Now, as the law does not define the maximum amount of cannabis that can be possessed in Croatia for personal use, the arresting police officer and the judge who presides over your case have the freedom to decide on your penalty based on a variety of factors and circumstances. Weighing in on the decision is the amount of cannabis in your possession, your sex, your criminal record, and other considerations [2].

Each possession case is special and Croatian judges can be either compassionate or strict. Realistically speaking, even most strict courts will pass a fairly minor amount of cannabis as a personal possession and let you get away with a fine, albeit a bigger one, although there are no promises they can [1].

Penalties you face if you break the drug laws in Croatia

One of the interesting news about the DAPA 2013 amendment is that it allows lawmakers to try alternate solutions to incarceration for people who have been arrested possessing minor quantities of drugs and may potentially face up to six months’ prison sentences [3].

Croatian judges could recommend fines, community service, probation, and treatment for those accused of possession of drugs. Sometimes, even if the judge considers it ‘insignificant,’ the offense may be dismissed. Any lawbreakers can require up to three years to undergo mandatory drug rehab.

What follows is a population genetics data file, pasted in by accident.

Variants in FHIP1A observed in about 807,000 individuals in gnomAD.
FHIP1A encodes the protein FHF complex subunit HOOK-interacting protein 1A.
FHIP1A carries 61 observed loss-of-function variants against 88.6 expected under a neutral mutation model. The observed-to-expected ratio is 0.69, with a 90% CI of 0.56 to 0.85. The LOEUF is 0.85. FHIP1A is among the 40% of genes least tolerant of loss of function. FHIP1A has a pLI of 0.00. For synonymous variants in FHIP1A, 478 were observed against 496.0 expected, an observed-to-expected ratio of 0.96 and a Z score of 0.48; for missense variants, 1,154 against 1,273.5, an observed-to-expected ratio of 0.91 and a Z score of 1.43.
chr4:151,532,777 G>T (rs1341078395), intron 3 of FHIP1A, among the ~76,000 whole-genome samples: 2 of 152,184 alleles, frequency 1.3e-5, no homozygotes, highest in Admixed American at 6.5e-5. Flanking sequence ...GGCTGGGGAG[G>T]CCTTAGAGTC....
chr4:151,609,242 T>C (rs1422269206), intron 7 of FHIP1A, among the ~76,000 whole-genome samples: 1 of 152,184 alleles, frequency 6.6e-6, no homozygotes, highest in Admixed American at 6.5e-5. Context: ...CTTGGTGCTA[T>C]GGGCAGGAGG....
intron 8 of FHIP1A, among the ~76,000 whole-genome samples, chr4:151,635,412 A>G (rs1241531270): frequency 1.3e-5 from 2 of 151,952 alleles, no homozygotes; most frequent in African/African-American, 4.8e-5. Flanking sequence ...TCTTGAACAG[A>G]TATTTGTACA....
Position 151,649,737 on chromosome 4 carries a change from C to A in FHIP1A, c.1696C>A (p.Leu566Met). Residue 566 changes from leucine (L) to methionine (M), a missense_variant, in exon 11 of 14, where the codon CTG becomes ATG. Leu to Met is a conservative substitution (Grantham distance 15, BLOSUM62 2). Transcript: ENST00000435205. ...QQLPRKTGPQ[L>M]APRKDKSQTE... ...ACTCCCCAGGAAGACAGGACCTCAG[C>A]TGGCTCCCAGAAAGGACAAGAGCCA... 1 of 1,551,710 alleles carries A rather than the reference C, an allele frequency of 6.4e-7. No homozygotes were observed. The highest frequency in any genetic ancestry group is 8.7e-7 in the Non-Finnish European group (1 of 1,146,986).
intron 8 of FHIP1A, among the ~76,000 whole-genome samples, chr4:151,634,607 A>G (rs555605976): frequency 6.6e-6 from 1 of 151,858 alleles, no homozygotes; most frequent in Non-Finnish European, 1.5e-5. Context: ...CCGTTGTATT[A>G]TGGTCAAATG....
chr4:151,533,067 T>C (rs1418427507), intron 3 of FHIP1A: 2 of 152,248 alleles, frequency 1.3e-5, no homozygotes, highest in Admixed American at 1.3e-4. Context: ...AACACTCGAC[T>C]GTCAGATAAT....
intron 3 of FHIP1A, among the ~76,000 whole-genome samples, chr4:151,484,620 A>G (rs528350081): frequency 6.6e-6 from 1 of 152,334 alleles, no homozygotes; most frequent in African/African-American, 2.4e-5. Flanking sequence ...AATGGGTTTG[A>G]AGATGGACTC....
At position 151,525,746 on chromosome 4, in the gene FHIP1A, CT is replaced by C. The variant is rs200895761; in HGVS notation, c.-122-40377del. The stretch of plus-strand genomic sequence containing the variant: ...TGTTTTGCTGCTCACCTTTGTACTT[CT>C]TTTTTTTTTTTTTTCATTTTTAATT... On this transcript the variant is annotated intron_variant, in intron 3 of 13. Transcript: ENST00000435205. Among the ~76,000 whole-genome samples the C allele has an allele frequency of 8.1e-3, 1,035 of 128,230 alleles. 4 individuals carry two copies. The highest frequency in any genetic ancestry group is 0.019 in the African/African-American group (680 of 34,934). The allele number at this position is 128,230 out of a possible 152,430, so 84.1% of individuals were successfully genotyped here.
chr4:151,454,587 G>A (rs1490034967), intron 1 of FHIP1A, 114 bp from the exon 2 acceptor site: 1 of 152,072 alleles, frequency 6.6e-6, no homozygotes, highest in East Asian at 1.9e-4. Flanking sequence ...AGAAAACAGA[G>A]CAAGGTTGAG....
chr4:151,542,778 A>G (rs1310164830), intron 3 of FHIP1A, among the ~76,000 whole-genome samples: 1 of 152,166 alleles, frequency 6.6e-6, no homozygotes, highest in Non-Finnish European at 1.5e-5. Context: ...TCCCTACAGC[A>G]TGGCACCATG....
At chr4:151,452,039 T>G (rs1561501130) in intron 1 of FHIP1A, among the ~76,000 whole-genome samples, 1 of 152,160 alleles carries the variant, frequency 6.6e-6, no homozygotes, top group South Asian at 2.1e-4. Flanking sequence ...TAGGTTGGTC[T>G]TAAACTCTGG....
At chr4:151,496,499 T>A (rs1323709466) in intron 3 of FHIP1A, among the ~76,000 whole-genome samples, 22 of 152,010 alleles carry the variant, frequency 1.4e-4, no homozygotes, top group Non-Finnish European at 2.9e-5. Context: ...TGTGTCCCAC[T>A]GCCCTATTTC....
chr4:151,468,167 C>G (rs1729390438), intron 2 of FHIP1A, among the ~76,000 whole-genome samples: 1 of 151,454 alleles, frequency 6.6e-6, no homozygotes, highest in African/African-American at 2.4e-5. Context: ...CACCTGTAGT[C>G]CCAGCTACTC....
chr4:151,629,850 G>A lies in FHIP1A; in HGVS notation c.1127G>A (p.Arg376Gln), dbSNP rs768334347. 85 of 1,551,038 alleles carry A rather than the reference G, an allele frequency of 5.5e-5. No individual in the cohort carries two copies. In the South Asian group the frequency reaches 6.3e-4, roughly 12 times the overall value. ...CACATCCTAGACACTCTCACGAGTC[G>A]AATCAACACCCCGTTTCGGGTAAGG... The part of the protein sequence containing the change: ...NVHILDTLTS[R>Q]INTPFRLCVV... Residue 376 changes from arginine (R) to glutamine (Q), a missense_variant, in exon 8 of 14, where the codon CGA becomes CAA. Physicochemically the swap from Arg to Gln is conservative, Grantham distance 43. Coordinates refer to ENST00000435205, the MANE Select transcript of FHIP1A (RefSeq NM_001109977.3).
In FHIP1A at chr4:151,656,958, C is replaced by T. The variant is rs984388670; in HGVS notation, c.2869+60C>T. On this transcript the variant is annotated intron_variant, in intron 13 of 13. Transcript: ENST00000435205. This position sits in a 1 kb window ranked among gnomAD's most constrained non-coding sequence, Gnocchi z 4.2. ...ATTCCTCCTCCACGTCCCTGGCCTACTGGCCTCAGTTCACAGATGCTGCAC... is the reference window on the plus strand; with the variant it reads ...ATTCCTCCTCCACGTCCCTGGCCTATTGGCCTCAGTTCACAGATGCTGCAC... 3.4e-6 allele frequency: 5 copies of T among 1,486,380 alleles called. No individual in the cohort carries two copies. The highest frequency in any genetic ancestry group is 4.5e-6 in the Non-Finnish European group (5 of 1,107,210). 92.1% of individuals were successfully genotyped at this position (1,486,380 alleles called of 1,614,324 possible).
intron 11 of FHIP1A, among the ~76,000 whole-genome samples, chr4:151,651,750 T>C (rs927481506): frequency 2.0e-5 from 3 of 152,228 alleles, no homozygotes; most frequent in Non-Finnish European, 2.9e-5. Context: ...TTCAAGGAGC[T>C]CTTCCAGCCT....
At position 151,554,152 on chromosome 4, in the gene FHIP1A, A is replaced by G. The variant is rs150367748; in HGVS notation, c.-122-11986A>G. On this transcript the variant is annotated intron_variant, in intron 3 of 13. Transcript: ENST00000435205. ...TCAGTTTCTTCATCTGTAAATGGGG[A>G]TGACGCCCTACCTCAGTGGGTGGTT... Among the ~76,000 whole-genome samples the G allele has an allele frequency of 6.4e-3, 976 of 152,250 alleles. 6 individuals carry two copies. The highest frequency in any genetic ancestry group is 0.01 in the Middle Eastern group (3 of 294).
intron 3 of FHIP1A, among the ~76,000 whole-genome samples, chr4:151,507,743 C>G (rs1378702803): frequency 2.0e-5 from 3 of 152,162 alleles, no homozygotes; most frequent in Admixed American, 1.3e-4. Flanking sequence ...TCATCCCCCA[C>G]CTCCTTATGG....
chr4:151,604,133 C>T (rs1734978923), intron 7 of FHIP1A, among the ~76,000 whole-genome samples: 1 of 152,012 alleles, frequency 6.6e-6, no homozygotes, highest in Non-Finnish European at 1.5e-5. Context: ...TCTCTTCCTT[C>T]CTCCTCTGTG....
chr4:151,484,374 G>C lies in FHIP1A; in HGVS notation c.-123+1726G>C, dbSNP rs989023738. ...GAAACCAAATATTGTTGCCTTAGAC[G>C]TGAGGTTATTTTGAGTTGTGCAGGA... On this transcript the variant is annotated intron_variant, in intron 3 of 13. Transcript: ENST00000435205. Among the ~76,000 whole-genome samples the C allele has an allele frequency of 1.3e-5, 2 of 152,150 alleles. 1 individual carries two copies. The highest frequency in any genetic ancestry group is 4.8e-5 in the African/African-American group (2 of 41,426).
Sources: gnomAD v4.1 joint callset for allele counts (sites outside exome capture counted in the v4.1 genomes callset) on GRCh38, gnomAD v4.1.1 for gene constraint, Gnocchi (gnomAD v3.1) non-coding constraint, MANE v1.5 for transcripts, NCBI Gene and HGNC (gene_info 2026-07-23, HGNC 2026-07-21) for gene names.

Use of marijuana medical field in Croatia

Croatia legalized medical marijuana back in 2015 after arresting a man with multiple sclerosis (MS) to keep his symptoms in check for growing weeds. His detention shocked the general public, which immediately passed a medicinal cannabis bill.

[1] In the Croatian cannabis program, patients over 18 who suffer from MS, cancer, AIDS, and epilepsy may join. Patients under 18 can now join the system but can only benefit from medical therapies with a legal guardian’s permission.

The Croatian medical cannabis program nowadays allows citizens to purchase cannabis medication with a digital prescription directly from the pharmacy. Cannabis prescriptions expire in 30 days and the patient’s purchase is limited to 7.5 grams per month.

Each medical cannabis is actually imported from Canada in Croatian pharmacies.

Further future of cannabis in Croatia

The drug legislation in Croatia is somewhat relaxed but cannabis users are still being stigmatized. But that could change in the near future.

Mirela Holy, a Croatian MP, announced a cannabis law going to public debate in February 2020.

The bill suggests a collaborative administration model where the state will work with private companies to retain the high-quality commodity on the market. It would also allow any adult citizen to cultivate up to nine female cannabis plants rich in tetrahydrocannabinol (THC) for personal needs.

Holy stated that cannabis cultivation would help to fight climate change but she also discussed the positive economic value of the weed. She also noted that in recent years the Croatian population has changed their opinions on cannabis and that the awareness of cannabis by the media has increased, which has helped with the discrimination against marijuana [3].





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Please note: While every effort has been made to ensure the accuracy of this article, it should not be intended to provide legal advice, as individual situations will differ and should be discussed with an expert and or a lawyer.